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Gilded FlickerThe Arizona Breeding Bird Atlas includes data collected over a decade with the help of hundreds of volunteers across the state. This monumental endeavor involved the cooperation of private, state, federal and tribal entities across Arizona. The reference guide covers more than 300 breeding bird species and was recently named to the Southwest Books of the Year (2005) Top 10 List. To purchase the Arizona Breeding Bird Atlas, click here.

The North American Breeding Bird Survey (BBS) is a cooperative effort between the U.S. Geological Survey's Patuxent Wildlife Research Center and the Canadian Wildlife Service's National Wildlife Research Centre. The BBS was started in the 1960s to assist in monitoring the status and trends of North American bird populations. For more information about the survey in Arizona, contact Arizona Game and Fish Department Neotropical Migratory Birds Coordinator Troy Corman at (602) 789-3508.

International Migratory Bird Day (IMBD) was created by the Smithsonian Migratory Bird Center and the Cornell Laboratory of Ornithology in 1993 as a way to focus attention on one of the most important and spectacular events in the life of a migratory bird -- its journey between its summer and winter homes. IMBD, which is currently directed by the National Fish and Wildlife Foundation and U.S. Fish and Wildlife Service, is celebrated in Canada, the United States, Mexico and Central America. The event includes local bird festivals and bird walks on the second Saturday in May each year.

The Cats Indoors! Campaign for Safer Birds and Cats by the American Bird Conservancy deals with conflicts involving pet cats and wildlife. Cats are the most popular pets in the United States, with an estimated 90 million pet cats across the country. Of these, roughly half spend some time outside. Free-roaming cats can be significant predators of birds and other wildlife, including small mammals. A new brochure, Keeping Cats Indoors -- Good for Cats, Good for Arizona's Wildlife [pdf, 2.75mb], is also available at all Arizona Game and Fish Department offices.

The Arizona Christmas Bird Count Program
is a bird population survey that is coordinated annually by the National Audubon Society. For each count, volunteers (including those from the Arizona Game and Fish Department) take to the field for one calendar day during a designated period in December  and January to record every bird species and every individual bird sighted within a designated 15-mile diameter area. There are multiple counting events – click on the link above to see a schedule of the December 2010-January 2011 events.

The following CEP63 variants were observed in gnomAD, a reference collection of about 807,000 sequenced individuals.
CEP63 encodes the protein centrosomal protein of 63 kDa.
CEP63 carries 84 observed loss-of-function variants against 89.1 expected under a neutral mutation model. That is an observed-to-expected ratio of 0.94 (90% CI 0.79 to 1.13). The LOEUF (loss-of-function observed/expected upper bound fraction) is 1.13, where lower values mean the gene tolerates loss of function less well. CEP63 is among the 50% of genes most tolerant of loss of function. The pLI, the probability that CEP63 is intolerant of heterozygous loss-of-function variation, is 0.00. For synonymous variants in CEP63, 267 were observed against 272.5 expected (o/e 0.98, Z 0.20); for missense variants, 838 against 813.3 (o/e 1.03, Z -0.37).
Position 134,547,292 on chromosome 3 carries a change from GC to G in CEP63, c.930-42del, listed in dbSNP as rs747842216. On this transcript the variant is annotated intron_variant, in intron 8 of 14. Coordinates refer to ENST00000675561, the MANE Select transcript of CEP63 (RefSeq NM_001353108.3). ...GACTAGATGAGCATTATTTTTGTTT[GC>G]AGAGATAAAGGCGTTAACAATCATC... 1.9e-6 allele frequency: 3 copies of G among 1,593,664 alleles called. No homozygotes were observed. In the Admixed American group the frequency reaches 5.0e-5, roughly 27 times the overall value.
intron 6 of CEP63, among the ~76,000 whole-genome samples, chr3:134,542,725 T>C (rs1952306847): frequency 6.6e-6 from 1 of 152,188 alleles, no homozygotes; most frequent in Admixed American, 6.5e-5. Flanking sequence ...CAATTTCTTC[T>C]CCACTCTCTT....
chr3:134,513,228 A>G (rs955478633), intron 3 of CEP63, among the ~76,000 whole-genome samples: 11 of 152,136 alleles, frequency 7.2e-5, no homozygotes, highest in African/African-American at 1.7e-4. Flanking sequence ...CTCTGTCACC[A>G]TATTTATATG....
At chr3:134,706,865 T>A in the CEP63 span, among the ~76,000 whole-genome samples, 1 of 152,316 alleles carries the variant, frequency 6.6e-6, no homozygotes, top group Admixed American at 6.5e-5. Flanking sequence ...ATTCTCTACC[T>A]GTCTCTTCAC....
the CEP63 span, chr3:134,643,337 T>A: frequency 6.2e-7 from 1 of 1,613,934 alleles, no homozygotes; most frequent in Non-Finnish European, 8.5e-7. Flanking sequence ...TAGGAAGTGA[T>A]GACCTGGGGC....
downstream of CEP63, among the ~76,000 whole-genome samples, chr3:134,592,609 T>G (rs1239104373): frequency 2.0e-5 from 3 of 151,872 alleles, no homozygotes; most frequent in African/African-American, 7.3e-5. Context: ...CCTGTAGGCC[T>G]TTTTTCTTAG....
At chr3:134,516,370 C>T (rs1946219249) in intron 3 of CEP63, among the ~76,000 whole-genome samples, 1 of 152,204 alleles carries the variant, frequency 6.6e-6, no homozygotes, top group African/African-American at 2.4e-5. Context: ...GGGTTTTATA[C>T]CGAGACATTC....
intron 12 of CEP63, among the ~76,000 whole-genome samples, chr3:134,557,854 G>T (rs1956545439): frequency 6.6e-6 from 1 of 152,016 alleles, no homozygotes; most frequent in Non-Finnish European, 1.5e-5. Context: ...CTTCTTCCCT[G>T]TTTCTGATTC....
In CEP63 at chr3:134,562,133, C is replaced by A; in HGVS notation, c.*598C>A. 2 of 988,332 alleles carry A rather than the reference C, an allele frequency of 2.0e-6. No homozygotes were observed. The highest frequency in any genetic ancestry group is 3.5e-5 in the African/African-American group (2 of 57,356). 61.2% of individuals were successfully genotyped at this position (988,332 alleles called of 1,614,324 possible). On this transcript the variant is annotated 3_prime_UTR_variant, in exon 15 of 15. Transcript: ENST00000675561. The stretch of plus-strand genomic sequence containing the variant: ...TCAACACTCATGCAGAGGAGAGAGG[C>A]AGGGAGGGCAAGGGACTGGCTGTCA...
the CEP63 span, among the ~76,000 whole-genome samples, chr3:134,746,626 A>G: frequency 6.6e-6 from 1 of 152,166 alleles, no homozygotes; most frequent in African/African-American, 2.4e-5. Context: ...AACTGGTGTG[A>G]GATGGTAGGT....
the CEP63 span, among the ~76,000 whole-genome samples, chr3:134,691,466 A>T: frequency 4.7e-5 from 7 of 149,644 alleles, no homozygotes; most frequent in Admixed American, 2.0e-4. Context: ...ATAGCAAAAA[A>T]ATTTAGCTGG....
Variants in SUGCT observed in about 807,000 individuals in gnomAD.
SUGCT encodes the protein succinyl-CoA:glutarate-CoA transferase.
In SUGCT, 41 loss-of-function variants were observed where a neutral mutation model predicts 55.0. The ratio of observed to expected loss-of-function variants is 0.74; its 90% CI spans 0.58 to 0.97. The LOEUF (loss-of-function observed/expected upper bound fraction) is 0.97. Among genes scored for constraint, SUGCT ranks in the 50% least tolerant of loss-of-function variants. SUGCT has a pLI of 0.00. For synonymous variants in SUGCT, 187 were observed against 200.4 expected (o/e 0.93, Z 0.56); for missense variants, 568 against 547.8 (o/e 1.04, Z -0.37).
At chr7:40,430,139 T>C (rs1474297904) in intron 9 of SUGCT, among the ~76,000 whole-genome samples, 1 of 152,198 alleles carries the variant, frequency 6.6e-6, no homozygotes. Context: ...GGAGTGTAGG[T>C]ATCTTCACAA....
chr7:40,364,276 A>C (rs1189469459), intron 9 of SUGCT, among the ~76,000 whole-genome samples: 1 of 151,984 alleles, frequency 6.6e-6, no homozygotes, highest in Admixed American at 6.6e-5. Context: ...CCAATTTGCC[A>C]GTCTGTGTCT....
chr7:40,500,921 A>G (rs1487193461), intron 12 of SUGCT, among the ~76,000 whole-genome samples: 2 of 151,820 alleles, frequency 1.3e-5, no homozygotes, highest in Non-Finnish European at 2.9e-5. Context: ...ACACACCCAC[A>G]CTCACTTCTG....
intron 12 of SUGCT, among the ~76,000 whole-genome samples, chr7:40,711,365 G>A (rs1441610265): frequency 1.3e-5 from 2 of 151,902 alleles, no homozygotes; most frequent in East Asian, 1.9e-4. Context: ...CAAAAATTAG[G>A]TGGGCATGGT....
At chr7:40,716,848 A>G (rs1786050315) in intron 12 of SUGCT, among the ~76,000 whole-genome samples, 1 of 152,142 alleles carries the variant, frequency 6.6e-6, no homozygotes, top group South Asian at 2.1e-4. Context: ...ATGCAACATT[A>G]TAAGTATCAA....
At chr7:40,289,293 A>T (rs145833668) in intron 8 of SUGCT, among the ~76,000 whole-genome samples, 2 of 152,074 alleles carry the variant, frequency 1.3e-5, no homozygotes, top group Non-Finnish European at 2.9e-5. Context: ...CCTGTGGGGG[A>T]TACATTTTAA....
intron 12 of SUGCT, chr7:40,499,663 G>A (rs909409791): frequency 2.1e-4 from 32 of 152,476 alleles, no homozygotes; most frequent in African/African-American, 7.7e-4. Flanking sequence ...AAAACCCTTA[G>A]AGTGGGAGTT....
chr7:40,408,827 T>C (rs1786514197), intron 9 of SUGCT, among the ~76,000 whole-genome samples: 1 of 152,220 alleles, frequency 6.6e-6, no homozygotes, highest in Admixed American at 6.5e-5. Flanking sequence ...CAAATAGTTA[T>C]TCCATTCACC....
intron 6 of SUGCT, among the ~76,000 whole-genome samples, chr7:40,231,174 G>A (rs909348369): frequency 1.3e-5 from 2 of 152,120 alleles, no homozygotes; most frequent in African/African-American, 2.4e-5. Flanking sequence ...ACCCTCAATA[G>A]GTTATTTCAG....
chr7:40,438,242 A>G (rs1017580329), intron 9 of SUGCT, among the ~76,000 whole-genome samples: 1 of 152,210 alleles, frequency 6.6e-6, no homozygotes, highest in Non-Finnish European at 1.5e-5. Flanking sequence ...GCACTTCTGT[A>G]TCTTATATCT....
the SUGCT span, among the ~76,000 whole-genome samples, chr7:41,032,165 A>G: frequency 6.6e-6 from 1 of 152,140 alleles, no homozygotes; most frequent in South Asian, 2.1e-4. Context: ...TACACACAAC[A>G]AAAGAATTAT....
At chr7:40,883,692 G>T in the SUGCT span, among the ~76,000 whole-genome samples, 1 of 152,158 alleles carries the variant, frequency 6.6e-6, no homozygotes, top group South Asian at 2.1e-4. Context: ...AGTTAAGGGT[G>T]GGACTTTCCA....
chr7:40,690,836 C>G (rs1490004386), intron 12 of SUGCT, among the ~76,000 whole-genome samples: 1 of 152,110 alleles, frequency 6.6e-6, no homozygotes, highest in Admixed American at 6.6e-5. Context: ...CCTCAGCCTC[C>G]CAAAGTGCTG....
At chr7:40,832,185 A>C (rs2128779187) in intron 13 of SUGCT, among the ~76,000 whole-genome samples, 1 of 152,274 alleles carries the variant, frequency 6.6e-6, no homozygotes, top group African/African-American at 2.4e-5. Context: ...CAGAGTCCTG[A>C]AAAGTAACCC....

Elegant TroganBirding
Birding in recent years has become an increasingly popular outdoor activity. In 2001 in the U.S., 46 million birders spent $32 billion to observe, photograph or feed wildlife. With more than 530 species of birds documented in the state, of which 300+ species have nested, Arizona is considered to be one of the premier states for birding.

  • Arizona Audubon Chapters and other bird conservation organizations maintain a wealth of information about excellent Arizona birding areas and birding events. For example, several of the Audubon chapters maintain interactive maps on their Web sites in which excellent birding spots are identified and described.

  • The Southeastern Arizona Birding Trail Map and Guide, unveiled on International Migratory Bird Day in 2006, is also available through Tucson Audubon Society and other sources. It contains information on 52 exceptional birding locations across southeastern Arizona.

  • The Southeastern Arizona Bird Observatory provides a birding guide to southeastern Arizona, including an excellent array of tips for birding travelers.

  • Other Wildlife Viewing opportunities in Arizona are some of the best in the nation, with more than 900 animal species and 50 million public acres of natural land to explore.

  • Bird Abstracts, Distribution Maps & Illustrations for many (65) Arizona birds are also compiled and maintained by the Arizona Game and Fish Department. Specific information may include: taxonomy, biology, distribution, population trends, management status, and illustrations.
 
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